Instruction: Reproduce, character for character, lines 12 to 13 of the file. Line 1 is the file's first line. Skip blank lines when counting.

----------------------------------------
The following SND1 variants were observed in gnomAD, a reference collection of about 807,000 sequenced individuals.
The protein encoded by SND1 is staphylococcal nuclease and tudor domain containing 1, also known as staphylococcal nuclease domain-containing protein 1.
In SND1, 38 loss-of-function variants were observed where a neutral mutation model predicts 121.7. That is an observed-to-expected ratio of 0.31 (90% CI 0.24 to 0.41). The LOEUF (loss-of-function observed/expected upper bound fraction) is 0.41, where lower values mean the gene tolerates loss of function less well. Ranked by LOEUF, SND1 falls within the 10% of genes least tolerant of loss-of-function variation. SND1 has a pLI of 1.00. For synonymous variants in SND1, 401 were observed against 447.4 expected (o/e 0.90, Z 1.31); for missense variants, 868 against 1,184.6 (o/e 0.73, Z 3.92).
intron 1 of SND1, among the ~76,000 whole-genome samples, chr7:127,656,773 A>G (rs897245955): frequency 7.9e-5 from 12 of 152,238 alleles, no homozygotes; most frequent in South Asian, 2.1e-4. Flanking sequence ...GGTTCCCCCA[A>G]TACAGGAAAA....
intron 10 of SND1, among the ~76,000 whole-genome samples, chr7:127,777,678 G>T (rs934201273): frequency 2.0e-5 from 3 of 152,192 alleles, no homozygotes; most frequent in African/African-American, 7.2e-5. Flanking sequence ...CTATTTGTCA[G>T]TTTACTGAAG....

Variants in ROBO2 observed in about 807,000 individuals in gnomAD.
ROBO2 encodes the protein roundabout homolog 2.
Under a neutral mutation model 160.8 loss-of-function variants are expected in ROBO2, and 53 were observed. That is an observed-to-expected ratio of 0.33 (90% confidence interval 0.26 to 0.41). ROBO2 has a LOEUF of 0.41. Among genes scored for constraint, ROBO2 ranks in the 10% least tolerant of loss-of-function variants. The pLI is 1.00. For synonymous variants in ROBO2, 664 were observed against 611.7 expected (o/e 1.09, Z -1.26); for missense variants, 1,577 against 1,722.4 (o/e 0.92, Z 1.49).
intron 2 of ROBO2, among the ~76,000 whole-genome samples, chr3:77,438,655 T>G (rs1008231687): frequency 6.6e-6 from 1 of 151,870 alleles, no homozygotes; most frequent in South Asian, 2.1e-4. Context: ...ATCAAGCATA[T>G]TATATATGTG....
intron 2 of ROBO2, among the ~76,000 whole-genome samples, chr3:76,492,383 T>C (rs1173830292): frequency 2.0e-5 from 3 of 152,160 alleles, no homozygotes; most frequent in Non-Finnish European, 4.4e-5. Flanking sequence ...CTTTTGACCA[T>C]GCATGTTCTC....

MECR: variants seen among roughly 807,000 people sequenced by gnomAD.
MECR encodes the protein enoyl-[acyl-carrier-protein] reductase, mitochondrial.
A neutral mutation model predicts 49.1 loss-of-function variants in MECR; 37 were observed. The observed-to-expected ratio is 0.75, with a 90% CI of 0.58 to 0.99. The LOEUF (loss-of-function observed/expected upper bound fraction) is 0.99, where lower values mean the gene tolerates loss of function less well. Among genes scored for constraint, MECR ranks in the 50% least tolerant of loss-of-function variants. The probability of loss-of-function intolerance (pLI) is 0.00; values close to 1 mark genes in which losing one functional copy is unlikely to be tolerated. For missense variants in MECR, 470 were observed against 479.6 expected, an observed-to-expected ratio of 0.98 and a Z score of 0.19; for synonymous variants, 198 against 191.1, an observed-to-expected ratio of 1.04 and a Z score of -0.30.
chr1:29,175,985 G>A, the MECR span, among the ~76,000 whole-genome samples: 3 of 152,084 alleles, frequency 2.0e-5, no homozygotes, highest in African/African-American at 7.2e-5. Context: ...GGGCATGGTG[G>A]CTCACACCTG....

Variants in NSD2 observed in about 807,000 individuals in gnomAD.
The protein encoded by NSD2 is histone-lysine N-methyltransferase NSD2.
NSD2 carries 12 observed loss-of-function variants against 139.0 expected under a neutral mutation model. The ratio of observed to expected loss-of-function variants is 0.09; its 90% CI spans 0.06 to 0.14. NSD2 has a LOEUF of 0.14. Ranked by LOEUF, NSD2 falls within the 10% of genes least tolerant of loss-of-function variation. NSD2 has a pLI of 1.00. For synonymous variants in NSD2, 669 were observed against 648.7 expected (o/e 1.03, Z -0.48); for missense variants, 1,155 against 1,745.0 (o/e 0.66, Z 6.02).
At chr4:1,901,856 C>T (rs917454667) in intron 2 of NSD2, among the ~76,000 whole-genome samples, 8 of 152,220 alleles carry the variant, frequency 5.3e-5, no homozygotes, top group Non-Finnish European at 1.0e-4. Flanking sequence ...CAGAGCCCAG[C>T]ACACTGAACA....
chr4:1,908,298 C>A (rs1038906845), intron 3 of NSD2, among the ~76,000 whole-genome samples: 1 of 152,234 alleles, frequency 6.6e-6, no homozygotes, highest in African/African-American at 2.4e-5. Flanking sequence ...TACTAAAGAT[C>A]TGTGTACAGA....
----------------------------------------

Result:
MECR encodes the protein enoyl-[acyl-carrier-protein] reductase, mitochondrial.
A neutral mutation model predicts 49.1 loss-of-function variants in MECR; 37 were observed. The observed-to-expected ratio is 0.75, with a 90% CI of 0.58 to 0.99. The LOEUF (loss-of-function observed/expected upper bound fraction) is 0.99, where lower values mean the gene tolerates loss of function less well. Among genes scored for constraint, MECR ranks in the 50% least tolerant of loss-of-function variants. The probability of loss-of-function intolerance (pLI) is 0.00; values close to 1 mark genes in which losing one functional copy is unlikely to be tolerated. For missense variants in MECR, 470 were observed against 479.6 expected, an observed-to-expected ratio of 0.98 and a Z score of 0.19; for synonymous variants, 198 against 191.1, an observed-to-expected ratio of 1.04 and a Z score of -0.30.